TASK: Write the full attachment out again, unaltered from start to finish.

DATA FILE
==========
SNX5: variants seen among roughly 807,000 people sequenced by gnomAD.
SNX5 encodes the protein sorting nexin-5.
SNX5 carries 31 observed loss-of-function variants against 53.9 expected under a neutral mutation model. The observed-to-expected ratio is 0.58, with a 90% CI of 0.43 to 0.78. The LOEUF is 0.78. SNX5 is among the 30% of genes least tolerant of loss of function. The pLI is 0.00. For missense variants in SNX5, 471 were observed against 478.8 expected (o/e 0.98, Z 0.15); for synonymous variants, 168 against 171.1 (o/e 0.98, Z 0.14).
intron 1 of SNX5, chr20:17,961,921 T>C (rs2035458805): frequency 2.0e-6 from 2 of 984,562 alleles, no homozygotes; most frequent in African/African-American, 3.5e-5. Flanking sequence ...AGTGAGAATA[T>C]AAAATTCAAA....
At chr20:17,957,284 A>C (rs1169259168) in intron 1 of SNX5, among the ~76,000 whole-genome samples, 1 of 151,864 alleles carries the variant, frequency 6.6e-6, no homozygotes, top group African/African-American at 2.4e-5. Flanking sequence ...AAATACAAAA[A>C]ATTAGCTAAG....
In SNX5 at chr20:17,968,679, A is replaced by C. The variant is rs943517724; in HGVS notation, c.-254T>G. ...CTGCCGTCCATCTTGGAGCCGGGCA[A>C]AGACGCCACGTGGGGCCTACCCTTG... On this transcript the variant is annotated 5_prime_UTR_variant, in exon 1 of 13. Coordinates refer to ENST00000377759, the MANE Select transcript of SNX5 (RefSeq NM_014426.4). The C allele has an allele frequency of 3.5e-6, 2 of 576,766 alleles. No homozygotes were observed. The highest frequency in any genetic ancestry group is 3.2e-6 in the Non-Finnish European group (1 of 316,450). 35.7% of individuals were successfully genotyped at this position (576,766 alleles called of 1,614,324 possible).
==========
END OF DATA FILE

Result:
SNX5: variants seen among roughly 807,000 people sequenced by gnomAD.
SNX5 encodes the protein sorting nexin-5.
SNX5 carries 31 observed loss-of-function variants against 53.9 expected under a neutral mutation model. The observed-to-expected ratio is 0.58, with a 90% CI of 0.43 to 0.78. The LOEUF is 0.78. SNX5 is among the 30% of genes least tolerant of loss of function. The pLI is 0.00. For missense variants in SNX5, 471 were observed against 478.8 expected (o/e 0.98, Z 0.15); for synonymous variants, 168 against 171.1 (o/e 0.98, Z 0.14).
intron 1 of SNX5, chr20:17,961,921 T>C (rs2035458805): frequency 2.0e-6 from 2 of 984,562 alleles, no homozygotes; most frequent in African/African-American, 3.5e-5. Flanking sequence ...AGTGAGAATA[T>C]AAAATTCAAA....
At chr20:17,957,284 A>C (rs1169259168) in intron 1 of SNX5, among the ~76,000 whole-genome samples, 1 of 151,864 alleles carries the variant, frequency 6.6e-6, no homozygotes, top group African/African-American at 2.4e-5. Flanking sequence ...AAATACAAAA[A>C]ATTAGCTAAG....
In SNX5 at chr20:17,968,679, A is replaced by C. The variant is rs943517724; in HGVS notation, c.-254T>G. ...CTGCCGTCCATCTTGGAGCCGGGCA[A>C]AGACGCCACGTGGGGCCTACCCTTG... On this transcript the variant is annotated 5_prime_UTR_variant, in exon 1 of 13. Coordinates refer to ENST00000377759, the MANE Select transcript of SNX5 (RefSeq NM_014426.4). The C allele has an allele frequency of 3.5e-6, 2 of 576,766 alleles. No homozygotes were observed. The highest frequency in any genetic ancestry group is 3.2e-6 in the Non-Finnish European group (1 of 316,450). 35.7% of individuals were successfully genotyped at this position (576,766 alleles called of 1,614,324 possible).